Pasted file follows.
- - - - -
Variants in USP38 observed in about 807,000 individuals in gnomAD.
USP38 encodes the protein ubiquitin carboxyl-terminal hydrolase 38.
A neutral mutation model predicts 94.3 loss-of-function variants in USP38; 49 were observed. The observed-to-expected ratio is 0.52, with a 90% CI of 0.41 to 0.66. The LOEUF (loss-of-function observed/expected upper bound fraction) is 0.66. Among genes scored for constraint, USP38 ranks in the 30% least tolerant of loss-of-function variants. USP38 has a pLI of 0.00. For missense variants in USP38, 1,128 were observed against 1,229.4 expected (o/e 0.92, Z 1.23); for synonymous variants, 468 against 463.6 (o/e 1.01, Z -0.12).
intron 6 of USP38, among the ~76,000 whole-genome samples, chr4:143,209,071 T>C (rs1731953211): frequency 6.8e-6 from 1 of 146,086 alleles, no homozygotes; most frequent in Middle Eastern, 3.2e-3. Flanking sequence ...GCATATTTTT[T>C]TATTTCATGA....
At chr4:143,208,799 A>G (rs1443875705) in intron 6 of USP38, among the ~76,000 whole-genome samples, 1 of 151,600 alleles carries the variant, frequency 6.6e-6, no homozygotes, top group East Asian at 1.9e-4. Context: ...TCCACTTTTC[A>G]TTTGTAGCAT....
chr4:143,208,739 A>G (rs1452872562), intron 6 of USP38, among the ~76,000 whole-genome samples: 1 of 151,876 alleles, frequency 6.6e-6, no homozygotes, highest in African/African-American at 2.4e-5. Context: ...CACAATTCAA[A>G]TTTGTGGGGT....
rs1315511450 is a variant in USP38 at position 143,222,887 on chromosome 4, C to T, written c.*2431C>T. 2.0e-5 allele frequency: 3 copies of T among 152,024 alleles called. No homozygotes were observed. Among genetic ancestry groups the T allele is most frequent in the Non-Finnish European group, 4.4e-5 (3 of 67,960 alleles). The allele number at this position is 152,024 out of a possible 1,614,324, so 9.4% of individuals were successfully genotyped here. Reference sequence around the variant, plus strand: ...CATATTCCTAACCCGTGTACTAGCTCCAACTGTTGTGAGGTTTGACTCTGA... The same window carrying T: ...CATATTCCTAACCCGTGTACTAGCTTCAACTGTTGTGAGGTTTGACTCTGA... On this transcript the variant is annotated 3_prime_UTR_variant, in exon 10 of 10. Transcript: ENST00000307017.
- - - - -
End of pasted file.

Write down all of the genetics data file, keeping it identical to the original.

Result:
Variants in USP38 observed in about 807,000 individuals in gnomAD.
USP38 encodes the protein ubiquitin carboxyl-terminal hydrolase 38.
A neutral mutation model predicts 94.3 loss-of-function variants in USP38; 49 were observed. The observed-to-expected ratio is 0.52, with a 90% CI of 0.41 to 0.66. The LOEUF (loss-of-function observed/expected upper bound fraction) is 0.66. Among genes scored for constraint, USP38 ranks in the 30% least tolerant of loss-of-function variants. USP38 has a pLI of 0.00. For missense variants in USP38, 1,128 were observed against 1,229.4 expected (o/e 0.92, Z 1.23); for synonymous variants, 468 against 463.6 (o/e 1.01, Z -0.12).
intron 6 of USP38, among the ~76,000 whole-genome samples, chr4:143,209,071 T>C (rs1731953211): frequency 6.8e-6 from 1 of 146,086 alleles, no homozygotes; most frequent in Middle Eastern, 3.2e-3. Flanking sequence ...GCATATTTTT[T>C]TATTTCATGA....
At chr4:143,208,799 A>G (rs1443875705) in intron 6 of USP38, among the ~76,000 whole-genome samples, 1 of 151,600 alleles carries the variant, frequency 6.6e-6, no homozygotes, top group East Asian at 1.9e-4. Context: ...TCCACTTTTC[A>G]TTTGTAGCAT....
chr4:143,208,739 A>G (rs1452872562), intron 6 of USP38, among the ~76,000 whole-genome samples: 1 of 151,876 alleles, frequency 6.6e-6, no homozygotes, highest in African/African-American at 2.4e-5. Context: ...CACAATTCAA[A>G]TTTGTGGGGT....
rs1315511450 is a variant in USP38 at position 143,222,887 on chromosome 4, C to T, written c.*2431C>T. 2.0e-5 allele frequency: 3 copies of T among 152,024 alleles called. No homozygotes were observed. Among genetic ancestry groups the T allele is most frequent in the Non-Finnish European group, 4.4e-5 (3 of 67,960 alleles). The allele number at this position is 152,024 out of a possible 1,614,324, so 9.4% of individuals were successfully genotyped here. Reference sequence around the variant, plus strand: ...CATATTCCTAACCCGTGTACTAGCTCCAACTGTTGTGAGGTTTGACTCTGA... The same window carrying T: ...CATATTCCTAACCCGTGTACTAGCTTCAACTGTTGTGAGGTTTGACTCTGA... On this transcript the variant is annotated 3_prime_UTR_variant, in exon 10 of 10. Transcript: ENST00000307017.